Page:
Yet it wouldn’t be a Conan Gray album if it didn’t have the other perspective of a friendship, the one that makes friendship breakups hurt more than the romantic ones. In my absolute favorite song on the album, “Astronomy,” Gray writes about a friendship that fizzles out and causes both members of the friendship to drift apart. Not only is this song so beautifully written, but just a fair warning, it will have you in tears by the end. Gray writes about how his friend and him are “two worlds apart” and how the two cannot “force the stars to align” for their friendship to last.
As revealed in an Apple Music interview, Gray admits that one of his biggest irrational fears is losing his best friends and that is something Gray and I can relate to. Listening to these two songs on friendship and how drastically different they are in perspective highlights the importance of friendship and how difficulties are inevitable. But unlike other songs where Gray is forced to deal with the problem or celebrate the occasion by himself, Gray makes it apparent that he and his friends will work through it together.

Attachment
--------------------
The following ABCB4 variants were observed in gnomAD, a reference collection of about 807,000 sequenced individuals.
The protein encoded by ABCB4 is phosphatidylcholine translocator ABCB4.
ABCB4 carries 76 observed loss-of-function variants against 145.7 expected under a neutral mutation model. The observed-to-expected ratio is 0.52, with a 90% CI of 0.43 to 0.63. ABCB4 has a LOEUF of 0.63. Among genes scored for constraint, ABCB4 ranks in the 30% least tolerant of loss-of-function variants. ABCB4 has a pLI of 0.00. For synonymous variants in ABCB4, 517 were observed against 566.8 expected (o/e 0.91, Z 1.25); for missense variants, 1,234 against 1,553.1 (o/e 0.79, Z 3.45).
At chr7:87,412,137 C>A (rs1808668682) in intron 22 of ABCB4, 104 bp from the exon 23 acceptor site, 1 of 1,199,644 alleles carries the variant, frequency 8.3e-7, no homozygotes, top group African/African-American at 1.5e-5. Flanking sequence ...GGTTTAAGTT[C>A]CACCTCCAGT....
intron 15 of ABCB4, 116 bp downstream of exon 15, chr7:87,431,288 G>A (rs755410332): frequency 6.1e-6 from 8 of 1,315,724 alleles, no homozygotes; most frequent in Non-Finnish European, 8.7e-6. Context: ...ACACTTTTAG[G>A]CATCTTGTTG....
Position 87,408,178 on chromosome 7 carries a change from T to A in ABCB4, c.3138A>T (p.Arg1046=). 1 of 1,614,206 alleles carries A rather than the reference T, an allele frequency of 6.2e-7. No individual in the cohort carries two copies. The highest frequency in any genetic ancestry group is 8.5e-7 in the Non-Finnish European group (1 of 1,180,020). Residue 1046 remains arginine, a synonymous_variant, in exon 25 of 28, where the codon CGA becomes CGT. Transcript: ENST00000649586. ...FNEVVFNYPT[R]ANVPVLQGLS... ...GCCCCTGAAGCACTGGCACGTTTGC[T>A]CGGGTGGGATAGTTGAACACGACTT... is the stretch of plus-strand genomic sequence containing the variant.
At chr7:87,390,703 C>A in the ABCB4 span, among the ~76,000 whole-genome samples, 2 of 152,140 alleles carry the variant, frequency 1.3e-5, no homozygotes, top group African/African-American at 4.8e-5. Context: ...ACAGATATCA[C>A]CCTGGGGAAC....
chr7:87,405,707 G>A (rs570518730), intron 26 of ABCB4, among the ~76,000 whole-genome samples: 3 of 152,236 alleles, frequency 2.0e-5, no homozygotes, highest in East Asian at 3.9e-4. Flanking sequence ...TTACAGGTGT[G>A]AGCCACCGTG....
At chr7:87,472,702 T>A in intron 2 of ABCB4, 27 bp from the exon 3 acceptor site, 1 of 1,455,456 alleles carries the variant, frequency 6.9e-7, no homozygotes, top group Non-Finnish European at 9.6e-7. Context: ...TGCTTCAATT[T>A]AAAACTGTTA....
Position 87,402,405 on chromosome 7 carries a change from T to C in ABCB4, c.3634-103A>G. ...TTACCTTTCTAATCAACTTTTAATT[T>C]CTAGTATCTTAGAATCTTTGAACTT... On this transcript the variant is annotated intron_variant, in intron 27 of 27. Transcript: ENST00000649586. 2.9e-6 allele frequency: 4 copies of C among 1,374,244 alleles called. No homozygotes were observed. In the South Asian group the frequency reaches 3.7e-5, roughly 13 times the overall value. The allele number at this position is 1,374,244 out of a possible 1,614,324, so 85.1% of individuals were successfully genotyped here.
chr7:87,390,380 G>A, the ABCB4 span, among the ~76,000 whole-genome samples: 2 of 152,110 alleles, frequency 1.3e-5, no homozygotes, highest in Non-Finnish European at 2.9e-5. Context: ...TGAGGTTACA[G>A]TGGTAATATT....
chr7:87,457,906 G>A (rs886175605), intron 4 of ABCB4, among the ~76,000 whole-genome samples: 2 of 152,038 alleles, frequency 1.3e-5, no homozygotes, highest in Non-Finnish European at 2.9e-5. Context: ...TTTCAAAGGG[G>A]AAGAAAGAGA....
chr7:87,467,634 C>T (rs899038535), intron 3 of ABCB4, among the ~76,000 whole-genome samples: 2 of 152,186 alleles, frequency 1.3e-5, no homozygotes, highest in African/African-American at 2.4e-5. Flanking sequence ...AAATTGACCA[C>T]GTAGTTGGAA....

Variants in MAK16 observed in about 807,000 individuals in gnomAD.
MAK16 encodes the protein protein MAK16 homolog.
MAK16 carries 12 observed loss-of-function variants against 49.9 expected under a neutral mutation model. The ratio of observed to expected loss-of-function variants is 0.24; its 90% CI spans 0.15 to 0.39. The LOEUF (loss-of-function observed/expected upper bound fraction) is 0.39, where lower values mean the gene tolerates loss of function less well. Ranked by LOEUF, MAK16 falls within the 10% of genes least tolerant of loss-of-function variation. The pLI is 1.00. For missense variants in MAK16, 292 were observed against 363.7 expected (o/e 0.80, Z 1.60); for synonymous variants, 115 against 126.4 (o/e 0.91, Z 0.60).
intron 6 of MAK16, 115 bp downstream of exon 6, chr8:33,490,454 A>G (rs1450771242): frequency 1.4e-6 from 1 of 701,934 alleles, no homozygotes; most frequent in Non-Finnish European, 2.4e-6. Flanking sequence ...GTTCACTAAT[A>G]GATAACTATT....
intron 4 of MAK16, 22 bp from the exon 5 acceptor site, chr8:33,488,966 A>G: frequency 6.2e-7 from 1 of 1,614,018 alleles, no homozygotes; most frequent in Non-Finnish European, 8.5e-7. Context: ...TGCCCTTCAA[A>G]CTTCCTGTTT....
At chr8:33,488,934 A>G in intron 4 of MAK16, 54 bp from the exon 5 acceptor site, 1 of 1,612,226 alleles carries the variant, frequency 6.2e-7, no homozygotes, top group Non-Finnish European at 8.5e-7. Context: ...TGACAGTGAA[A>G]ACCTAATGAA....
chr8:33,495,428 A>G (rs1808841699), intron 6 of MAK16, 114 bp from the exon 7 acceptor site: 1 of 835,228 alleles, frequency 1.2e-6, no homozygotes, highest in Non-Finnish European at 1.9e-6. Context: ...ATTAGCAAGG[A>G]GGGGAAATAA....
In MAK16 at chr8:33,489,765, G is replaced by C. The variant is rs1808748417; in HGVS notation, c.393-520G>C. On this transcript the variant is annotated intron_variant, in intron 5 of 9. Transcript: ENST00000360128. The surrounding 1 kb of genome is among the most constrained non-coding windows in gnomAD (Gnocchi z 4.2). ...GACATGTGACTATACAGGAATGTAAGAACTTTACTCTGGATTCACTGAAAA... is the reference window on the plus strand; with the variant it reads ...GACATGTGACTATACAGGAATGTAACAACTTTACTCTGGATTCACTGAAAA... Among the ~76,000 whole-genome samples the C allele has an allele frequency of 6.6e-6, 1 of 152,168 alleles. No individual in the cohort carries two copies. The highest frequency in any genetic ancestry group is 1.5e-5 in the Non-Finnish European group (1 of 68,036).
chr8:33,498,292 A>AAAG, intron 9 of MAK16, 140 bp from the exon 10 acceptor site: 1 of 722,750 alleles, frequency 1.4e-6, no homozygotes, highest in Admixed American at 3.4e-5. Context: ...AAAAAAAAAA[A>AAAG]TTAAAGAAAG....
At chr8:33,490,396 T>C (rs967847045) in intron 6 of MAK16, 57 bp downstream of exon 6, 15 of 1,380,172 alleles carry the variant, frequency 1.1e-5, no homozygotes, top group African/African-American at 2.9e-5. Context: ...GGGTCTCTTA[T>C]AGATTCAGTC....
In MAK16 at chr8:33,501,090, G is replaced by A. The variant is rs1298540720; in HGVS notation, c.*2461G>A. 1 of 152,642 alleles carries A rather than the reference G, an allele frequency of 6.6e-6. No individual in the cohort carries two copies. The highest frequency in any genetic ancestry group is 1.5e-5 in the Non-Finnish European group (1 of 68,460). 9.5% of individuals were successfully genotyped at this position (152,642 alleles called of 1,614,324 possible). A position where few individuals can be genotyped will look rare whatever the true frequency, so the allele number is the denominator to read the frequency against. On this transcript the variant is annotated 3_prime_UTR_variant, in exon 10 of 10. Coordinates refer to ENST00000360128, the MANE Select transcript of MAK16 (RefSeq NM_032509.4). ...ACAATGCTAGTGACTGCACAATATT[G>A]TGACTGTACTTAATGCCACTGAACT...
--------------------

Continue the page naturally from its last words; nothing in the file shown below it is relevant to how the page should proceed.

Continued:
How Being An Observer Of Life Will Leave You Unsatisfied With Your Own
Diving into the last two remaining songs on the album, “Movies” and “People Watching,” both show Gray’s observant nature when it comes to looking at life outside his own.
In “Movies,” he craves a love like those shown on the big screen where he and his significant other “kiss under the stars” and dance together in the dark. Yet in “People Watching,” Gray remains a spectator of other people’s relationships while he remains single and alone. In both songs, Gray feels unsatisfied with his love life but in two different ways: one where he’s unsatisfied with a relationship that he is currently in and another where he is upset about not being in a relationship while everyone he knows is.